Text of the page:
George Bush’s Fault

September 1, 2008

A Frenchman criticizes the “irritable patriotism” of Americans:

There is nothing more annoying in the habits of life than this irritable patriotism of the Americans. A foreigner would indeed consent to praise much in their country; but he would want to be permitted to blame something, and this he is absolutely refused.

America is therefore a country of freedom where, in order not to wound anyone, the foreigner must not speak freely either of particular persons, or of the state, or of the governed, or of those who govern, or of public undertakings; or, finally, of anything one encounters except perhaps the climate and the soil; and still, one finds Americans ready to defend both as if they had helped to form them.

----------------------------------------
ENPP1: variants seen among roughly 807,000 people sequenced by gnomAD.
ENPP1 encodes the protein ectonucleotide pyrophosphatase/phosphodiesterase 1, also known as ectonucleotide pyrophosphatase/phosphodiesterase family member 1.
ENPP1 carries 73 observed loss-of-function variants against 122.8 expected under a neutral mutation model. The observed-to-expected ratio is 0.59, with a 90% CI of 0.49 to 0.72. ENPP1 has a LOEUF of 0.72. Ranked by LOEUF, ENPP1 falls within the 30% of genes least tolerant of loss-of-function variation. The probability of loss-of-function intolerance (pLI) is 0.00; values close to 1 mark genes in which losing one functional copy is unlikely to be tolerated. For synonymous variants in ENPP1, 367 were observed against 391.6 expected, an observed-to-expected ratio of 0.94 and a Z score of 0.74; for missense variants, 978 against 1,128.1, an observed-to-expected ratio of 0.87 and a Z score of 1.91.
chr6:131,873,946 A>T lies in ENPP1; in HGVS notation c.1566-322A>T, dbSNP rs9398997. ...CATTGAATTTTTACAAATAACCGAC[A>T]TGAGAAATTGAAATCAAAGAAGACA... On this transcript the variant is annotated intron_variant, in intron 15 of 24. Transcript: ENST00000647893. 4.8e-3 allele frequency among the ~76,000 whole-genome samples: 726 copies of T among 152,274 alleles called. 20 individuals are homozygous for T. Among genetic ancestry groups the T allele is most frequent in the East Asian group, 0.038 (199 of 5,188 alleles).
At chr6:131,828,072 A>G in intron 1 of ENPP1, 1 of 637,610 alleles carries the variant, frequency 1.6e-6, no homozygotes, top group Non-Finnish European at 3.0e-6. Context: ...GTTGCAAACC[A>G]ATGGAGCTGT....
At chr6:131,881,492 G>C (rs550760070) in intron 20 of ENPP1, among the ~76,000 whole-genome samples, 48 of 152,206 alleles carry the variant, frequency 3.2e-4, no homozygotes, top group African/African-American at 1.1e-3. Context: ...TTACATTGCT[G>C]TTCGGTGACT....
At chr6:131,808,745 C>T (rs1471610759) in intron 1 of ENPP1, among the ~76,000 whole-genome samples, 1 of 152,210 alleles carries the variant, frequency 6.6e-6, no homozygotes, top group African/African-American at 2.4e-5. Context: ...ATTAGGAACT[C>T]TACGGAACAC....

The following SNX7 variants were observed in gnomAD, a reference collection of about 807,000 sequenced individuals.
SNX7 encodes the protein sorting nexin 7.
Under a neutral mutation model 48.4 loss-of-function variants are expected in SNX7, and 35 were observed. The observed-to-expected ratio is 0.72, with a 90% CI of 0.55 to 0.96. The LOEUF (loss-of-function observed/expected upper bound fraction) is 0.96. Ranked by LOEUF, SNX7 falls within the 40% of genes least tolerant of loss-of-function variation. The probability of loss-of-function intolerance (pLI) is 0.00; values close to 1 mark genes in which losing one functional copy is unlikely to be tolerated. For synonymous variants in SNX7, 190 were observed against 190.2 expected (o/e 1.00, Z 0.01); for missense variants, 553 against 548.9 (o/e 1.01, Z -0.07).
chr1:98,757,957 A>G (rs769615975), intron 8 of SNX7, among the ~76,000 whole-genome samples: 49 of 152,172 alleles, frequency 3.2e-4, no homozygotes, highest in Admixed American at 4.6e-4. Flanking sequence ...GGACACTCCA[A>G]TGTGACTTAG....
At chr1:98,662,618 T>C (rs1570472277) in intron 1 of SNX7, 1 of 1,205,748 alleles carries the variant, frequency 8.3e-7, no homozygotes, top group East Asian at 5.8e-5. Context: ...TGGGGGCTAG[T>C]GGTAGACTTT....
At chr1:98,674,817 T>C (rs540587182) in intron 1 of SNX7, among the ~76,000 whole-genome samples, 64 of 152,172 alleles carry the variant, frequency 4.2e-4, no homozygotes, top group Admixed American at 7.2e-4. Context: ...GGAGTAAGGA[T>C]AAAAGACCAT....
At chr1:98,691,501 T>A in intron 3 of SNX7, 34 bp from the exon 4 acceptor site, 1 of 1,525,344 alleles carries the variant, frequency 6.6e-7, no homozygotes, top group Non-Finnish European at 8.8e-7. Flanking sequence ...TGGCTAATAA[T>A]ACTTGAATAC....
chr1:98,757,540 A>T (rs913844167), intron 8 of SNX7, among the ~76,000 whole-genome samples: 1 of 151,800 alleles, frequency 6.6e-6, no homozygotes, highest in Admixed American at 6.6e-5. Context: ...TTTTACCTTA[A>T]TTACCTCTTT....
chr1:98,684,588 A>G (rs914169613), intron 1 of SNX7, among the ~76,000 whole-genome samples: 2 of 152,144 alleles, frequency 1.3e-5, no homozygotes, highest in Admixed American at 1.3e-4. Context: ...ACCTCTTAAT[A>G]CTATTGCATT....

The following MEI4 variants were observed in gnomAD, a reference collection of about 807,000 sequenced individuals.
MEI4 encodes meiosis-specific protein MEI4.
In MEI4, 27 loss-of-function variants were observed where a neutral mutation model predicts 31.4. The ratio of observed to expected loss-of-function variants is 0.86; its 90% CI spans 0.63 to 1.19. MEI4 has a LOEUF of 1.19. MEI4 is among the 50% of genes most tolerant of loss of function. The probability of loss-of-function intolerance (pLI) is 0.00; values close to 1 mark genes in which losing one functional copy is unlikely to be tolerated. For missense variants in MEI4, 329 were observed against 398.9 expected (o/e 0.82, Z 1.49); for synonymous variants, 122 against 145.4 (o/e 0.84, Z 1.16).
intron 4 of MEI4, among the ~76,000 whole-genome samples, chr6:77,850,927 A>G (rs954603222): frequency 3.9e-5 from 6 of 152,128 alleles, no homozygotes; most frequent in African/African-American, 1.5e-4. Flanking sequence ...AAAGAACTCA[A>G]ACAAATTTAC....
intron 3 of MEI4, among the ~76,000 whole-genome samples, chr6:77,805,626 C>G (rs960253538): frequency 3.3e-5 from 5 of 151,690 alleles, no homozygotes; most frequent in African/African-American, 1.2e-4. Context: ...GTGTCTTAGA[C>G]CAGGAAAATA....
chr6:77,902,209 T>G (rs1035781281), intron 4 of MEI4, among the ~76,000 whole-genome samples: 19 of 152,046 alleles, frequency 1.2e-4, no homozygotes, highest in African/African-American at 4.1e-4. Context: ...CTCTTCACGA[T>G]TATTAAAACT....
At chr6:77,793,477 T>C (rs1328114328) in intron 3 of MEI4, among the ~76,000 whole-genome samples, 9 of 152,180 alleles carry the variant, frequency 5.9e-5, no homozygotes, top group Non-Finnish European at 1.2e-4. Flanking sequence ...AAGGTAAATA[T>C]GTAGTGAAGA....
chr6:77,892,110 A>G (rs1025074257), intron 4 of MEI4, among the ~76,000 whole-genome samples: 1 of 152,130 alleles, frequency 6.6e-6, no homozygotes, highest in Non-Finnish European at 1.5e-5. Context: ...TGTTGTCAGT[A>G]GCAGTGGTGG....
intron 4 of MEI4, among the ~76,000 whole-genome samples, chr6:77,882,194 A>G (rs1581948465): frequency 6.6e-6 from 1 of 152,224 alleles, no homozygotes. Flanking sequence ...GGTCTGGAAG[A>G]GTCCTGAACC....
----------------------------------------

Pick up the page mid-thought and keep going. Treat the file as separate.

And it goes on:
Dominic de Villepin? Jacque Chirac? John Kerry?

None of the above. This passage is from Alexis de Tocqueville’s Democracy in America, published in 1835 (Volume II in 1840). (I quote the Harvey Mansfield and Delba Winthrop edition.)

It appears that the image of the self-assured, cocky American began just a little bit before George W. Bush became president.


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